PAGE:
The acquisition of Instagram by Facebook for a cool $1 billion has hit the headlines across the world recently – but how does the deal shape up when compared with the most expensive website deals of all time? The frank answer is that despite the fuss over Facebook’s flexing of its financial muscles, there is a long way to go for the company to match the really big spenders of the Internet sector.
It comes as no surprise that many of the biggest website acquisitions on record took place in the early years of the e-commerce bubble, before the sector had truly explored how to properly value its assets. Yahoo! was an early player in some of the biggest deals of the late 20th and early 21st centuries, acquiring both Broadcast.com and Geocities in 1999, for $5.7 billion and $3.6 billion respectively. It continued to spend big into the new millenium, splashing out $1.6 billion in 2003 for Overture (formerly known as GoTo). AOL also raised eyebrows with their $4.2 billion acquisition of Netscape in years gone by, while neither Terra Network’s purchase of Lycos for $4.6 billion nor @Home’s investment of a massive $6.7 billion in Excite can be said to have exemplified value for money. Perhaps the biggest howler of the first decade of the commercial Internet came with News Corp’s $580 million gamble on MySpace – a site promptly overtaken by the now ubiquitous Facebook. Microsoft’s $400 million purchase of Hotmail in 1997 seems rather more far-sighted in contrast.
The big spending did not end with the e-commerce bubble, however, and the last decade has seen some truly massive deals. Many of them dwarf the recent Instagram purchase, with the largest of the lot being Google’s acquisition of Motorola Mobility for $12.5 billion. While not strictly a website purchase, there is little doubt that Google’s new presence in the Android market will lead to a serious shake up in the sector – and perhaps in the way consumers think about web presence as a whole. Google has also had a hand in many of the other large deals of the last decade, including its purchase of YouTube for $1.65 billion, of DoubleClick for $3.1 billion, and of 5% of AOL for $1 billion.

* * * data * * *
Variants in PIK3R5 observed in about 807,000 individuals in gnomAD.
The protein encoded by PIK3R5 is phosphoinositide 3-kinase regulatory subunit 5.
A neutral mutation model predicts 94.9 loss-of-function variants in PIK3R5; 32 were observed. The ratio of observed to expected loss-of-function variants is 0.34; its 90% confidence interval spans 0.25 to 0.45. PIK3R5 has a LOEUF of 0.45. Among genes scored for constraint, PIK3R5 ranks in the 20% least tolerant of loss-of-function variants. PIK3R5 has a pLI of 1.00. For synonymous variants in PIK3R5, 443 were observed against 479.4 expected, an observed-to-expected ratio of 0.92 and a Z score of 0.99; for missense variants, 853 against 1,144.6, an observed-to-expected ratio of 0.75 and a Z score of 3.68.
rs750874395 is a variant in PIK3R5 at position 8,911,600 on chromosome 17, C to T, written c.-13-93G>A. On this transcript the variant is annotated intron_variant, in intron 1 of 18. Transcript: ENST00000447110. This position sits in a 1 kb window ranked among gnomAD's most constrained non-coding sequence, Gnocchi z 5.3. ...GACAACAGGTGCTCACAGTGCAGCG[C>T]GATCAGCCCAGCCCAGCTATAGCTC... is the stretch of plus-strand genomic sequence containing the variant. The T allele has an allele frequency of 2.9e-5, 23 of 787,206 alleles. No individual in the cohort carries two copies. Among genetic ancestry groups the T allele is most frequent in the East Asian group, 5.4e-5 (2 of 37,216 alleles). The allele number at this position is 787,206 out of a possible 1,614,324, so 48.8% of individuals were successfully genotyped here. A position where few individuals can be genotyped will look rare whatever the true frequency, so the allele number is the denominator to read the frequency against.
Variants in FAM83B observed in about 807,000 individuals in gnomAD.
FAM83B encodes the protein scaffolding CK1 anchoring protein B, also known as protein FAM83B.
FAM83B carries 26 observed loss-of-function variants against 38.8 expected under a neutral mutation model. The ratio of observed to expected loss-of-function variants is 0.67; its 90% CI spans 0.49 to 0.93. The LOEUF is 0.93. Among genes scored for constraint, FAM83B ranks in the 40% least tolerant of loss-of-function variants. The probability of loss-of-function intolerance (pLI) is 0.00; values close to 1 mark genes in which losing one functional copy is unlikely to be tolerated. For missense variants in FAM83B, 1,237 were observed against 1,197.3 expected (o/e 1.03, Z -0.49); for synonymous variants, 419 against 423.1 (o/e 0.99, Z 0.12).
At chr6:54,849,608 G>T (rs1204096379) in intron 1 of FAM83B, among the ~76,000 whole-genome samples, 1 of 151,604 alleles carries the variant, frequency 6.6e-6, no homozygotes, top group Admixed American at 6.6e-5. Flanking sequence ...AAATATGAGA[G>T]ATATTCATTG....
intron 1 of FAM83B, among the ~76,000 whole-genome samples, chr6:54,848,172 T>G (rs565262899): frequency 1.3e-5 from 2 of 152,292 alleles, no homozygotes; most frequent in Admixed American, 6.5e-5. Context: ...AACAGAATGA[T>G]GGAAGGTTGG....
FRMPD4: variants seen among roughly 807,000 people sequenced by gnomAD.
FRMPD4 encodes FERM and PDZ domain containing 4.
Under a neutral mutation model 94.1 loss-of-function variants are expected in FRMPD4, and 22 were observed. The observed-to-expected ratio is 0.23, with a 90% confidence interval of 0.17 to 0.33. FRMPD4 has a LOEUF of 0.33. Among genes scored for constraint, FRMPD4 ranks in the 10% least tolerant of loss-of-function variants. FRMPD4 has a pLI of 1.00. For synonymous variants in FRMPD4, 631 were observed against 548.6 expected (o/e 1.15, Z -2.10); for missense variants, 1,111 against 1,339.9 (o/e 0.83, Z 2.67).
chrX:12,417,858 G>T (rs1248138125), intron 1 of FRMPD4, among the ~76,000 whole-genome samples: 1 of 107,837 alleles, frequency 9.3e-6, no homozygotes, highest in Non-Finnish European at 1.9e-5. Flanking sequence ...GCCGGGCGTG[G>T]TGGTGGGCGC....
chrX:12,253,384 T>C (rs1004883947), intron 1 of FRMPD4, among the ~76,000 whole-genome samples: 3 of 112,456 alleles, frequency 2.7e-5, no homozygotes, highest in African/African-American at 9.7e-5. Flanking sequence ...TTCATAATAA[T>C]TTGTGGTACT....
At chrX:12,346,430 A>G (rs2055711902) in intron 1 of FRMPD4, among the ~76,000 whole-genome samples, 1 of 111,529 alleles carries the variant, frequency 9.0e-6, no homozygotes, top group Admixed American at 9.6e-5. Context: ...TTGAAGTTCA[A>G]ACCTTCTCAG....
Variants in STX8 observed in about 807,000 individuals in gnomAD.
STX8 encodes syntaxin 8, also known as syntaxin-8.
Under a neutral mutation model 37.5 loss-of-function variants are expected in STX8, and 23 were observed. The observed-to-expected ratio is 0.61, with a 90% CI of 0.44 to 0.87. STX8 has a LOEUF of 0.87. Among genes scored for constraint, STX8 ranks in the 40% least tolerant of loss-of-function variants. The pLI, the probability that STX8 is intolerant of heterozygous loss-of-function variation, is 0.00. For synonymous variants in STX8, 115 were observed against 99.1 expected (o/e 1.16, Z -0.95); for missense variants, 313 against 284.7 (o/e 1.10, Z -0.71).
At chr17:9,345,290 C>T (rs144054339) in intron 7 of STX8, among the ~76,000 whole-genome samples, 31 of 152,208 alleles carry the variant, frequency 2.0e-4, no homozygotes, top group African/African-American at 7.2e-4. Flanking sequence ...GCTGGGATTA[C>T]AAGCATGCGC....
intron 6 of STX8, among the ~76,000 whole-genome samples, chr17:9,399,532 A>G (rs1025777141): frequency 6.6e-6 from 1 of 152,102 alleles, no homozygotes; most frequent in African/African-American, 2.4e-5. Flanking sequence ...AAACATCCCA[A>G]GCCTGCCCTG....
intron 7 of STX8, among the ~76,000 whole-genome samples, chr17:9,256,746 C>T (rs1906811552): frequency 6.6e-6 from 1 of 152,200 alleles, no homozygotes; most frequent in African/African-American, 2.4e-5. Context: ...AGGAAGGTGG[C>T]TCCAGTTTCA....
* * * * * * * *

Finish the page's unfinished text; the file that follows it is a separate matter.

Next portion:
Ebay has also featured as a heavy spender, not only picking up Paypal for $1.5 billion in order to integrate its payment methods in 2002, but also spending $1.2 billion on Bill Me Later, $2.4 billion on GSI Commerce, and $2.6 billion on Skype. The last of these has a significant purchase history, as it was picked up by Microsoft for a massive $8.5 billion in 2011. While Amazon could not match the level of these acquisitions, it nevertheless has been active in purchasing a number of well known web service providers (including LoveFilm and Audible.com), and picked up Zappos in 2009 for $1.2 billion.
Acquisitions Behind The Scenes
While website acquisitions make the biggest splash in the headlines, it is perhaps the patented technology behind them which will most indicate which of the big hitters will dominate the next decade of the internet sector. At almost the same time as the much heralded Instagram deal, Microsoft also spent $1 billion – on acquiring 800 patents from AOL, relating to advertising, e-commerce, and internet searchability. It may be that whoever has access to the most cutting edge technology will prove the canniest investor in the long run – and it is a certainty that at least some of the big money website acquisitions of the coming years will fail to produce dividends in the long run.
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